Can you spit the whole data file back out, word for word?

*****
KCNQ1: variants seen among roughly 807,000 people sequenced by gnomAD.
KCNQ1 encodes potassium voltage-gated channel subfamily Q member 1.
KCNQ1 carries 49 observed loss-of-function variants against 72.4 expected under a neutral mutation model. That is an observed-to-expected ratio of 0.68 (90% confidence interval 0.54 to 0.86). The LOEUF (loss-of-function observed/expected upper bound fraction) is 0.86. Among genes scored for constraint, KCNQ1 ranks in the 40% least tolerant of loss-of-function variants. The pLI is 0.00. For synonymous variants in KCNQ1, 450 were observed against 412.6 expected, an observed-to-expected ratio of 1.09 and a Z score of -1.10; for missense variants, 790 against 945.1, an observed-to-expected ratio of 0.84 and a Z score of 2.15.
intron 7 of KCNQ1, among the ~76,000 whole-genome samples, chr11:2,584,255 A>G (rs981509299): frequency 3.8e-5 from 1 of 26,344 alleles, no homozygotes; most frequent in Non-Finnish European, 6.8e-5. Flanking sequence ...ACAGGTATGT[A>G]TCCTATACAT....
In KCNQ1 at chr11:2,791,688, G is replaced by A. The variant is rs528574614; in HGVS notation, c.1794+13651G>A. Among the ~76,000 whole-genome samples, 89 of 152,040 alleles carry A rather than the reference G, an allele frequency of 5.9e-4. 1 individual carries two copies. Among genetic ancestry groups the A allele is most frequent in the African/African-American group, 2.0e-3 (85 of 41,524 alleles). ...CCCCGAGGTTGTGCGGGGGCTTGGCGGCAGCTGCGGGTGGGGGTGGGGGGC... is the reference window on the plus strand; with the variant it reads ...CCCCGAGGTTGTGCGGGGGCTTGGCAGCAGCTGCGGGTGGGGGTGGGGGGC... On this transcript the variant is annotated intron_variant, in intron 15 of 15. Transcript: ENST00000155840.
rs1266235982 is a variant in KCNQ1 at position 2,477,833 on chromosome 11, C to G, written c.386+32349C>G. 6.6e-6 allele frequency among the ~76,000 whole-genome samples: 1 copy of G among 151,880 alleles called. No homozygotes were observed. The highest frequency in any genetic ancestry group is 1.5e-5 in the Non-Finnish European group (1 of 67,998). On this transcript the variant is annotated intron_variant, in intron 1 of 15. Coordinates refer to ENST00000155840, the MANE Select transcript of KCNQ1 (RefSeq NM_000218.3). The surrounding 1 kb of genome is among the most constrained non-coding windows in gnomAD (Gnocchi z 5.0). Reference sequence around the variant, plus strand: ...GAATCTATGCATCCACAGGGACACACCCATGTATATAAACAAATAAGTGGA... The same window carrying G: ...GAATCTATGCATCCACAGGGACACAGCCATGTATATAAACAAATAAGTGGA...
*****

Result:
KCNQ1: variants seen among roughly 807,000 people sequenced by gnomAD.
KCNQ1 encodes potassium voltage-gated channel subfamily Q member 1.
KCNQ1 carries 49 observed loss-of-function variants against 72.4 expected under a neutral mutation model. That is an observed-to-expected ratio of 0.68 (90% confidence interval 0.54 to 0.86). The LOEUF (loss-of-function observed/expected upper bound fraction) is 0.86. Among genes scored for constraint, KCNQ1 ranks in the 40% least tolerant of loss-of-function variants. The pLI is 0.00. For synonymous variants in KCNQ1, 450 were observed against 412.6 expected, an observed-to-expected ratio of 1.09 and a Z score of -1.10; for missense variants, 790 against 945.1, an observed-to-expected ratio of 0.84 and a Z score of 2.15.
intron 7 of KCNQ1, among the ~76,000 whole-genome samples, chr11:2,584,255 A>G (rs981509299): frequency 3.8e-5 from 1 of 26,344 alleles, no homozygotes; most frequent in Non-Finnish European, 6.8e-5. Flanking sequence ...ACAGGTATGT[A>G]TCCTATACAT....
In KCNQ1 at chr11:2,791,688, G is replaced by A. The variant is rs528574614; in HGVS notation, c.1794+13651G>A. Among the ~76,000 whole-genome samples, 89 of 152,040 alleles carry A rather than the reference G, an allele frequency of 5.9e-4. 1 individual carries two copies. Among genetic ancestry groups the A allele is most frequent in the African/African-American group, 2.0e-3 (85 of 41,524 alleles). ...CCCCGAGGTTGTGCGGGGGCTTGGCGGCAGCTGCGGGTGGGGGTGGGGGGC... is the reference window on the plus strand; with the variant it reads ...CCCCGAGGTTGTGCGGGGGCTTGGCAGCAGCTGCGGGTGGGGGTGGGGGGC... On this transcript the variant is annotated intron_variant, in intron 15 of 15. Transcript: ENST00000155840.
rs1266235982 is a variant in KCNQ1 at position 2,477,833 on chromosome 11, C to G, written c.386+32349C>G. 6.6e-6 allele frequency among the ~76,000 whole-genome samples: 1 copy of G among 151,880 alleles called. No homozygotes were observed. The highest frequency in any genetic ancestry group is 1.5e-5 in the Non-Finnish European group (1 of 67,998). On this transcript the variant is annotated intron_variant, in intron 1 of 15. Coordinates refer to ENST00000155840, the MANE Select transcript of KCNQ1 (RefSeq NM_000218.3). The surrounding 1 kb of genome is among the most constrained non-coding windows in gnomAD (Gnocchi z 5.0). Reference sequence around the variant, plus strand: ...GAATCTATGCATCCACAGGGACACACCCATGTATATAAACAAATAAGTGGA... The same window carrying G: ...GAATCTATGCATCCACAGGGACACAGCCATGTATATAAACAAATAAGTGGA...